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It's True: Bank of America's Dividend Could Easily Double

By John Maxfield - May 25, 2016 at 11:34AM

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I checked the math.


Image source: iStock/Thinkstock.

Could Bank of America (BAC 5.94%) soon double its dividend?

My colleague Sean Williams thinks so, writing last week that a "string of dividend increases could be right around the corner for B of A, leading to a possible doubling of its dividend within the next five years."

Sean knows a lot about investing, but I nevertheless thought I'd run the math on his prediction. After doing so, I believe that the only thing Sean might have gotten wrong is that he was too conservative in his belief that it would take five years for Bank of America's dividend to double.

The math is simple. In the first quarter of this year, Bank of America paid out $517 million in common stock dividends. That equates to $2.1 billion on an annualized basis, or $0.20 for each share of outstanding stock.

For Bank of America to double its dividend, then, it would have to be able to pay out $4.2 billion a year.

Is this possible?

Absolutely.


Bank of America's headquarters in Charlotte, North Carolina. Image source: iStock/Thinkstock.

Most banks strive to allocate their net income equally among dividends, stock buybacks, and retained earnings. As such, a typical bank tries to pay out somewhere in the neighborhood of 33% of its net income each year to shareholders.

The Federal Reserve, which has veto power over bank dividend plans, also prefers banks to stay around this threshold. As a result, so long as Bank of America can earn at least $12.6 billion on a sustainable basis, or three times $4.2 billion, then there's little reason to think that it won't be allowed to soon double its dividend.

To be clear, Bank of America has struggled to produce consistent profits since the financial crisis. Last year was the first time since 2007 that it earned more than $12 billion in annual income.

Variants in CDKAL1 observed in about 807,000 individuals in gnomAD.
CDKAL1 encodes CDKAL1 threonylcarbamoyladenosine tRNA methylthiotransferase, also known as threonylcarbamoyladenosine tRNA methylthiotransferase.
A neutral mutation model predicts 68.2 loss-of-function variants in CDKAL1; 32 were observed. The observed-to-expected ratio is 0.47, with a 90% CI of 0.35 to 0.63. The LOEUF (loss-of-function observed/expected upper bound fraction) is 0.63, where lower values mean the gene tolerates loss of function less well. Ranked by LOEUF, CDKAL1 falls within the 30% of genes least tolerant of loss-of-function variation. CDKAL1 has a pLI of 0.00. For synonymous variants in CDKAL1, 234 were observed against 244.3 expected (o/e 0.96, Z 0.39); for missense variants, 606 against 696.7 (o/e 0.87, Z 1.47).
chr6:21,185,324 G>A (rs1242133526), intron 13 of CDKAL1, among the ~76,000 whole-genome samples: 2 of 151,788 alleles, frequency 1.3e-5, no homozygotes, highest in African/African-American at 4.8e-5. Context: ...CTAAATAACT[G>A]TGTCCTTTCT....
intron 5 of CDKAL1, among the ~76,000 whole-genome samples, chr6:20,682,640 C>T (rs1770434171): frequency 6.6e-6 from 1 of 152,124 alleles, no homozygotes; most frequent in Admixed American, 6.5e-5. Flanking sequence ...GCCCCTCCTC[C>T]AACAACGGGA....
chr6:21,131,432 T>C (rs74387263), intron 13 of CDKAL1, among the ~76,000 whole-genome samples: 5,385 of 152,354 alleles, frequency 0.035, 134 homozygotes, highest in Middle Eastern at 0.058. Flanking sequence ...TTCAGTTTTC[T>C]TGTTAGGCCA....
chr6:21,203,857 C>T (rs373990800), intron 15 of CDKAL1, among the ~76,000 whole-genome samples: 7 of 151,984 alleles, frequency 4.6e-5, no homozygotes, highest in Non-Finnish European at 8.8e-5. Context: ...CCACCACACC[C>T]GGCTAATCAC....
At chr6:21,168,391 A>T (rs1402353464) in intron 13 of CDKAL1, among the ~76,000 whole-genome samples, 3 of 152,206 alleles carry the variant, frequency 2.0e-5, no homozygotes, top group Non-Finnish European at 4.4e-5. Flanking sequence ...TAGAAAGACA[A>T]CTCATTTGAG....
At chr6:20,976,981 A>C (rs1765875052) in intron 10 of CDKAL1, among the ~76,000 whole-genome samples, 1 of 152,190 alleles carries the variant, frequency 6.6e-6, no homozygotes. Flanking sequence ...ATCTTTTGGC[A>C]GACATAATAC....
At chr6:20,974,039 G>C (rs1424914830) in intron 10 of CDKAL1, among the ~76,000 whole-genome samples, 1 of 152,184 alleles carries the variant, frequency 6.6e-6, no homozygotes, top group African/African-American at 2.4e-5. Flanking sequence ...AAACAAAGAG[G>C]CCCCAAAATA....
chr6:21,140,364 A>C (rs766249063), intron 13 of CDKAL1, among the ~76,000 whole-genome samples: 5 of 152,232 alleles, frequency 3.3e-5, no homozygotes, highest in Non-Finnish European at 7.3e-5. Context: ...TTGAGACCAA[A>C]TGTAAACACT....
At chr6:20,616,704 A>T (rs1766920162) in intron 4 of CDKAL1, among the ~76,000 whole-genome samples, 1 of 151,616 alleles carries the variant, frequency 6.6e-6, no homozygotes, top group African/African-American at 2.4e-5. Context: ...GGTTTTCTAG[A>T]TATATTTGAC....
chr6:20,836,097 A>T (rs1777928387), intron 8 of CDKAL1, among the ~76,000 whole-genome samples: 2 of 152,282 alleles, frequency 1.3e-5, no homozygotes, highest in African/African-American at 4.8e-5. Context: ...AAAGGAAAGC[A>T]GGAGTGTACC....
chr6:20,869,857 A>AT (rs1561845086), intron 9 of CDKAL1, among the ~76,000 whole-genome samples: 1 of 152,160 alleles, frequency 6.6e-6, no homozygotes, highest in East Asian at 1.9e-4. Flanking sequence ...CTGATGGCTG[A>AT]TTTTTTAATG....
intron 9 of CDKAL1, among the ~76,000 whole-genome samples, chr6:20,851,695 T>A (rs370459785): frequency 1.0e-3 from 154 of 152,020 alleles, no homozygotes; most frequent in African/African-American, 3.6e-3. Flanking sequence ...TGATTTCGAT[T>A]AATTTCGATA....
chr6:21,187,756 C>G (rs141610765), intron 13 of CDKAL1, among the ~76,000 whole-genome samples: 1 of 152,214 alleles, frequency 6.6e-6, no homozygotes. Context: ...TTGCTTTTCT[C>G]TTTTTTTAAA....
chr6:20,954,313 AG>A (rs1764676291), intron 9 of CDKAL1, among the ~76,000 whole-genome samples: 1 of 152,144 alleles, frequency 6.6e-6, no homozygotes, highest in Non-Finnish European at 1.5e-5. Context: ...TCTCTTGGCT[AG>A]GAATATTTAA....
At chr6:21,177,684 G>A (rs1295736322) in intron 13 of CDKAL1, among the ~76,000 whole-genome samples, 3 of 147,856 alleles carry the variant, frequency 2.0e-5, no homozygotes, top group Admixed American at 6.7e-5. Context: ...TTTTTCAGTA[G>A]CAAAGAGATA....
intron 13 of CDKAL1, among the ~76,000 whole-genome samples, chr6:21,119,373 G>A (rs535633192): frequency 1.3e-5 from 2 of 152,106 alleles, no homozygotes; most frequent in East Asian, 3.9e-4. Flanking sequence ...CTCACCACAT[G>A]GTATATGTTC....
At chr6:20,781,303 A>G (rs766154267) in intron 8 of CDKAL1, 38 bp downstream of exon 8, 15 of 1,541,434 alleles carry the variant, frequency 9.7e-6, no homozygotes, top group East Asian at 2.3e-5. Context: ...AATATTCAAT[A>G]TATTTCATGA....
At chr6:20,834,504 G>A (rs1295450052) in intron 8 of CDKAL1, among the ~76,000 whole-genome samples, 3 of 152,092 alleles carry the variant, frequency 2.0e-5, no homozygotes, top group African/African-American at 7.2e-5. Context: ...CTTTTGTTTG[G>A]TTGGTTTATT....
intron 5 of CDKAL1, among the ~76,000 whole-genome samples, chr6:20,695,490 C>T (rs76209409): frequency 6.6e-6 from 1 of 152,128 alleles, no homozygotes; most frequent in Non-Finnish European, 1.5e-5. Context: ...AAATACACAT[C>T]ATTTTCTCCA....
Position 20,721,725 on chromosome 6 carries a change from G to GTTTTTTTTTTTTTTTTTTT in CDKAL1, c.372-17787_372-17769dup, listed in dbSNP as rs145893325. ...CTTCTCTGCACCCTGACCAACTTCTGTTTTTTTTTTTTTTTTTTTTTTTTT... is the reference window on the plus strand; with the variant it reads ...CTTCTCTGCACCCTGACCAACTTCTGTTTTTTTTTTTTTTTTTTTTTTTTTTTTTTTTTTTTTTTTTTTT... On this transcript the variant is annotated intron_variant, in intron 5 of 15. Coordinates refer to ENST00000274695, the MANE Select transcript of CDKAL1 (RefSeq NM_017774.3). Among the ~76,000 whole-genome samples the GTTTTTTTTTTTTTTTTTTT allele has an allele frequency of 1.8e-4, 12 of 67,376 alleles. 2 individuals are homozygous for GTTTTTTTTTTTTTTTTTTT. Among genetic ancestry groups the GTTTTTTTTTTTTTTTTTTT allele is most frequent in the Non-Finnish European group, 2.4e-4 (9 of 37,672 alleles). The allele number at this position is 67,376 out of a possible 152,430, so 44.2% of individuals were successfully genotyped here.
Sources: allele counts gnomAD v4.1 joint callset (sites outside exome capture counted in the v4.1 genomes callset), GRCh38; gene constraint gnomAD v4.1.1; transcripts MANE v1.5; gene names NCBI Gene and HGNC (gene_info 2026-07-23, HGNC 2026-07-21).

But this is changing. The primary impediments to Bank of America's profitability over the last eight years have been elevated credit and legal expenses. Since 2010, these have cost it a combined $202 billion.

The good news is that these costs are now largely in the rearview mirror. A court case last year slayed much of its outstanding legal liabilities, and the quality of its loan portfolio is at a multi-year high, as it is at most banks throughout the industry.

Its 2015 profit reflected this. It earned $15.9 billion last year, reporting four consecutive calendar quarters of respectable profitability for the first time in nearly a decade.

It's important to note that Bank of America's first-quarter results this year show that it still has work to do before its profits are sufficiently consistent for the Federal Reserve to approve a doubling of the bank's dividend. It earned $2.7 billion in the three months ended March 31, 2016. That comes out to $10.8 billion on an annualized basis, which is less than the $12.6 billion it needs to double its dividend but still pay out no more than a third of its earnings.

But the first quarter was particularly challenging for all banks, and with interest rates seemingly set to increase at some point over the next year or two, the stars are beginning to align in Bank of America's favor, at least insofar as its dividend is concerned.

In short, I think Sean is right. Although it's been a rough ride for Bank of America shareholders over the last decade, it doesn't seem unreasonable to anticipate, as Sean does, that it "will evolve into a dividend gem in the coming years."

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